Between 1966 and 1968, The Pozo Seco Singers released three albums on Columbia Records, notching up Top 40 hits “I Can Make It with You” and “Look What You’ve Done.” The first two albums, Time (1966) and I Can Make It with You (1967) were released on CD by the Collectors’ Choice Music label; now, Real Gone Music has picked up the torch with a newly-expanded reissue of 1968’s Shades of Time (RGM-0112). For this album, the group name was shortened just to Pozo Seco, and the trio of Don Williams, Susan Taylor (a.k.a. Taylor Pie) and Ron Shaw was reduced to a duo with the departure of Shaw (who had replaced founding member Lofton Kline).
Shades of Time, which made little impression on the charts, reveals a group that might have been too folk for the commercial crowd but too commercial for the folk crowd. Yet Real Gone’s reissue, which doubles the album’s length with a full eleven bonus tracks, is worth a look. Was the group hampered by its unusual name? (“Pozo Seco” was derived from an oil field term used to describe an unsuccessful drill, or a “dry hole.”) The cover artwork for the LP likely didn’t help, either. With two small children cloaked in shadow, entering the woods, it’s far spookier than the light sounds contained within the LP’s grooves. (In stark contrast, the back cover artwork showed a happy, smiling Williams and Taylor.) And though Taylor and Williams were both songwriters, none of their own songs made the LP.
Shades of Time was Pozo Seco’s first collaboration with producer Elliot Mazer, though three tracks remained from sessions with producer Bob Johnston and group member Ron Shaw. Mazer brought a Canadian quartet called The Paupers to support Williams and Taylor, and they lent Shades of Time a “band” feeling, largely devoid of string or horn sweetening. Like Pozo Seco, The Paupers were managed by Albert Grossman (Bob Dylan, The Band) and they proved a good match for Williams and Taylor.
After the jump, there’s more on Pozo Seco, plus reviews of new reissues from Kenny O’Dell and country-rock trio Borderline!
The album kicks off on a high note with Paul MacNeil’s “Good Morning Today,” emphasizing Williams and Taylor’s tight, sunshine pop-esque harmonies. Think a more pop-oriented Ian and Sylvia, and you’ll get the idea. Soon, though, “cover” recordings of familiar songs dominate the LP, including two songs from Columbia labelmate Bob Dylan. Country air permeates “You Ain’t Goin’ Nowhere,” on which future country music superstar Williams offers a spoken-sung lead. Revisiting this track, Williams’ future career path seems all but assured. Equally good is Pozo Seco’s “Spanish Harlem Incident,” certainly a less-recorded item in the Dylan ouevre. Williams is resonant on a solid “Green, Green Grass of Home” (likely on listeners’ minds from Tom Jones’ 1966 hit version), and his twangy, subtle take on Sonny Bono’s “You Better Sit Down Kids” avoids overwrought territory.
Taylor takes lead on a laconic “You’ve Got to Hide Your Love Away,” certainly a landmark folk-rock song in the Beatles’ original recording and a song also with marked Dylan influence. A sultry, slowed-down reinvention of The Everly Brothers’ “Bye Bye Love,” with Taylor on lead and Williams on harmony, is one of the most interesting items on Shades of Time. For its lovely, wistful sound, however, the album lacks a standout moment. The eleven bonus tracks on Real Gone’s reissue are all singles that Columbia and Pozo Seco hoped would fill that gap. (These eleven sides represent the As and Bs of six singles, missing just the A-side of Columbia 4-44690, which reprised Shades of Time’s opening track, “Good Morning Today.”)
Wes Farrell and Bob Johnston’s “Excuse Me, Dear Martha” caused dissension within the ranks as Williams and Taylor (rightly) felt it wasn’t in their style, with its big Hal Blaine-ish drums and edgier guitar sound. Equally oddly, its B-side, “I Believed It All,” was written by Al Ham and the Bergmans for the film Harlow. Taylor does well on the lead vocal, but the song’s spoken-word interlude and string accompaniment made it even less Pozo Seco-like than the Farrell/Johnston song. Don gets a chance to do the monologue thing, too, on “It’s All Right,” from the team of Mac Gayden and Jerry Tuttle. Better is the lively rendition of Doug Kershaw’s “Louisiana Man” and the songs written by Williams and Taylor themselves: Williams’ “Tomorrow Proper” (sweetened by baroque strings) and “Leavin’,” and Taylor’s “Remember Susie (Loved Me So),” “Creole Woman,” and “Till You Hear Your Mama Call.”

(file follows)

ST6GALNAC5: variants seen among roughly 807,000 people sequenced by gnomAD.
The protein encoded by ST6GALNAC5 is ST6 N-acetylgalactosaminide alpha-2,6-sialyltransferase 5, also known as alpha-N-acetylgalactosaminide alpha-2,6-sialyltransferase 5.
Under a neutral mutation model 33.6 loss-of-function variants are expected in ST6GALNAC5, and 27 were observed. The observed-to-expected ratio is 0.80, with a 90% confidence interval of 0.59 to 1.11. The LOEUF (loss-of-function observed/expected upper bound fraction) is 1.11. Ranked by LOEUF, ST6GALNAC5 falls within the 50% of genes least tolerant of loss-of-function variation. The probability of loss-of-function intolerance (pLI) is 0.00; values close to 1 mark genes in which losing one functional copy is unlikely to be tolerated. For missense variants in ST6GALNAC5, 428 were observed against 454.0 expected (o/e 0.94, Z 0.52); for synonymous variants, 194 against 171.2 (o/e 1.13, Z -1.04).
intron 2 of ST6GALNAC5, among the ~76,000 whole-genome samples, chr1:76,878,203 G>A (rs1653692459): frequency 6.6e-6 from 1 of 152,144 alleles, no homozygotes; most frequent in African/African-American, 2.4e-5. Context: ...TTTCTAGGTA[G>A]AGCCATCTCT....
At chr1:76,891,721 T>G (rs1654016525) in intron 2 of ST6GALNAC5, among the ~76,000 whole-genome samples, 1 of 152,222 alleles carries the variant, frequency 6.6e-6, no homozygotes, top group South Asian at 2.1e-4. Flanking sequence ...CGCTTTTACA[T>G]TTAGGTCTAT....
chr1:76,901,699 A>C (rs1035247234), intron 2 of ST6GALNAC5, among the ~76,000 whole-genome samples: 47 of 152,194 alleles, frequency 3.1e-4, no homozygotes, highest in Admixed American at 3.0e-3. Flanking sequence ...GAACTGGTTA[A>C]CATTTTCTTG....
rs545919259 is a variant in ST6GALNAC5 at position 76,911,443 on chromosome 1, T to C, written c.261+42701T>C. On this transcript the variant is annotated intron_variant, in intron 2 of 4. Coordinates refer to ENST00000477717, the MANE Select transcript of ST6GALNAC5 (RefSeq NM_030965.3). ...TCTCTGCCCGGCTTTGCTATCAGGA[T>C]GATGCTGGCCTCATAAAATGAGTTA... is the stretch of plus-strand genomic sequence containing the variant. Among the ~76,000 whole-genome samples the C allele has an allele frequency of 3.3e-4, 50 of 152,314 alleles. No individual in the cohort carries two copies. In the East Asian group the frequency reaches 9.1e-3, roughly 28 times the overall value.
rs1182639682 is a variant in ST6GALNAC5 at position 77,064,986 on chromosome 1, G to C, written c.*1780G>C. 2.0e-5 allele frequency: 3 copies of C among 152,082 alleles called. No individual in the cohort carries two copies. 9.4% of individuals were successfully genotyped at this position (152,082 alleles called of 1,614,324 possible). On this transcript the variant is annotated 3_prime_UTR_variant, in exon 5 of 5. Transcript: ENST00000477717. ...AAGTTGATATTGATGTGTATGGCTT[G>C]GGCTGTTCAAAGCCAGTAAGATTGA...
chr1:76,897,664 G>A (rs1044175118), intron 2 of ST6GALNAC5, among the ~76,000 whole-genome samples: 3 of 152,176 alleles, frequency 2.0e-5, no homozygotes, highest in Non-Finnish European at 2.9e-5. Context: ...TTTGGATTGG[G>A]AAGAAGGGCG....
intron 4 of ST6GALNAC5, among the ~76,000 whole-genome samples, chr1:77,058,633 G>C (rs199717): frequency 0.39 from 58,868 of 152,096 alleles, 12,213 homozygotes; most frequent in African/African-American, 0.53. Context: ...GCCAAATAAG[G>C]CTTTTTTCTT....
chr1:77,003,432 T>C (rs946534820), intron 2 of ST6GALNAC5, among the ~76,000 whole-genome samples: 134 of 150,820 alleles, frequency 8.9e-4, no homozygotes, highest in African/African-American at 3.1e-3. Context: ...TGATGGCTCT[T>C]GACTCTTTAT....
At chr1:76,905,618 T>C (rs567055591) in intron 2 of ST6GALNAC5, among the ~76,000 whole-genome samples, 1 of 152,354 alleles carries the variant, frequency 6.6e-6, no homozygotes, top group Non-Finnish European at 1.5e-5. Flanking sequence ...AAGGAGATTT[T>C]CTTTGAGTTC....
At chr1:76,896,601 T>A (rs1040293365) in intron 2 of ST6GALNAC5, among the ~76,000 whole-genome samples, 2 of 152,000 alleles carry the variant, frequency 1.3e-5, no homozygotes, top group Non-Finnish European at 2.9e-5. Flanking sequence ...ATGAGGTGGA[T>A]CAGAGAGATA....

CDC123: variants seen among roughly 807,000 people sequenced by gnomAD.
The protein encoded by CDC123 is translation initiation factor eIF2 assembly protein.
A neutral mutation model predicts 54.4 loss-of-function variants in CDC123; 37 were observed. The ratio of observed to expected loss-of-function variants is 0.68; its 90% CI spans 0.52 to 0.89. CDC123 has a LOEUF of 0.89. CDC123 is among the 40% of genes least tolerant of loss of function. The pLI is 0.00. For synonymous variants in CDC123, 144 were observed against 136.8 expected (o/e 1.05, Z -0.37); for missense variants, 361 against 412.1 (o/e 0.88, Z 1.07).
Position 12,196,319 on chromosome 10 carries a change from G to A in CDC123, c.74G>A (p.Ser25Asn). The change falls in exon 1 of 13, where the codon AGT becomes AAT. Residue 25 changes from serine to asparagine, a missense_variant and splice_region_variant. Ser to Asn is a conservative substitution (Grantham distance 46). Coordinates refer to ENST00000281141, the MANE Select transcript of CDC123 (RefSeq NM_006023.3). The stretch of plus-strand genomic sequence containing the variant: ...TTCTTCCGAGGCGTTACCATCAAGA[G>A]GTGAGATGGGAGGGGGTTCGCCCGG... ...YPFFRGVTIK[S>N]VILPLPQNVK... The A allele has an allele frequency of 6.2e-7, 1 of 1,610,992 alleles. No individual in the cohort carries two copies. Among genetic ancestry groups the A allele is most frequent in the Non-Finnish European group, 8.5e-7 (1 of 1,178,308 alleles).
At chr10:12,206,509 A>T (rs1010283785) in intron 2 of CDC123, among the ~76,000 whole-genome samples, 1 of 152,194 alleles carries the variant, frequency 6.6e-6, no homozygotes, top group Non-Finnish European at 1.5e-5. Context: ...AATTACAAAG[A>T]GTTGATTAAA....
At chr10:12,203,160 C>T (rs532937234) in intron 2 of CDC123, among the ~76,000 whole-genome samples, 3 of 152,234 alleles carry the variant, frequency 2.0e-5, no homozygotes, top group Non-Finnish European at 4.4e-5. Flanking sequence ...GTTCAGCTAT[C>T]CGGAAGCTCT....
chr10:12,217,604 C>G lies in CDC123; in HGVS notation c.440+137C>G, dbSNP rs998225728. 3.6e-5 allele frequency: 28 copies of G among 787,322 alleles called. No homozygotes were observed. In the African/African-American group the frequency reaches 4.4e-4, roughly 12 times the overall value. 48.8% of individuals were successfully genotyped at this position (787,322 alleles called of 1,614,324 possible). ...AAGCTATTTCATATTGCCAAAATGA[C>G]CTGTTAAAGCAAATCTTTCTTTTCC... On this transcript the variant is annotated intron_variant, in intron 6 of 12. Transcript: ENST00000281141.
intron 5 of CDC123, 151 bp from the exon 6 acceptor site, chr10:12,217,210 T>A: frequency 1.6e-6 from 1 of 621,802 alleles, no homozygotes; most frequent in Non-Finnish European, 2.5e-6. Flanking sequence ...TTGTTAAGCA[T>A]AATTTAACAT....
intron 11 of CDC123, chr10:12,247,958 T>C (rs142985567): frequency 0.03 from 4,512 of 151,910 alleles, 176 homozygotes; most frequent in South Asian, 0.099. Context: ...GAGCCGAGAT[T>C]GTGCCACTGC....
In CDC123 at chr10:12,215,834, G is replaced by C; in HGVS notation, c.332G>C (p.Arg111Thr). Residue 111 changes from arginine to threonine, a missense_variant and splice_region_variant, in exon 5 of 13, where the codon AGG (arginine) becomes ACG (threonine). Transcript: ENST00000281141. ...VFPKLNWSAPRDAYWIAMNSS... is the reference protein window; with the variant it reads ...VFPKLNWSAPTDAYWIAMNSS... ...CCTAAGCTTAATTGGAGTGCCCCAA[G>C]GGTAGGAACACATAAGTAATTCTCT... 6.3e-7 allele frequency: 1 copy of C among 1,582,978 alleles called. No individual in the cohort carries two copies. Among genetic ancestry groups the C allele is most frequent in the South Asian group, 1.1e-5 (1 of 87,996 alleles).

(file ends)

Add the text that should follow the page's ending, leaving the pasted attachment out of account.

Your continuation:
Every track on Shades of Time has been beautifully remastered by Vic Anesini, with the album in stereo and the singles mostly in mono. Reissue producer Tom Pickles has supplied a lengthy, and informative, six-page essay. Is it too much to hope for expanded editions of Pozo Seco’s first two albums (originally issued on CD as a two-fer)?
Kenny O’Dell grew up outside of Bakersfield, California and its fertile music scene, and found his greatest successes penning songs for Charlie Rich (the Grammy-winning chart-topper “Behind Closed Doors”), The Judds (“Mama, He’s Crazy”) and Loretta Lynn (“Trouble in Paradise”). But before O’Dell was on the country side of town, he released an all-but-unknown album in 1968 that captured the post-Summer of Love ethos. Beautiful People, first issued on the Vegas label, has just been expanded and remastered by Real Gone in an edition (RGM-0115) also including seven single sides from the Vegas and White Whale catalogues.
Beautiful People consisted primarily of O’Dell’s original demos, including that of the title track. With its “La-la-la” chorus reminiscent of Joe Raposo’s later “Sing,” “Beautiful People” is a bright, irresistible slab of sunny AM pop. It peaked at No. 38 in 1967 but was outdone by Bobby Vee’s competing version of O’Dell’s tune. But the No. 37 (!) success of Vee’s recording augured for O’Dell’s later success as a songwriter for other artists. The groovy, happy vibe continued on such tracks as “Sunshine Dreamin’” (credited to Kenny Walker) and “Flower Girl,” the latter of which grafts folk-rock guitars onto a chiming, Eastern-inspired arrangement. In addition to “Beautiful People,” another recognizable O’Dell tune is “Next Plane to London,” a hit for The Rose Garden. That group hewed closely to O’Dell’s original here. The Rose Garden also recorded another track here, O’Dell’s “If My World Falls Through.” It’s a wistful little song with boisterous, Mamas and the Papas-esque background vocals. A real gem is “Take Another Look,” a catchy, upbeat pop confection that should have been picked up by Gary Lewis and the Playboys or even Bobby Vee. There’s a light, country-rock air to “You’ll Break Me Yet,” as O’Dell clearly wasn’t limiting himself to one pop style.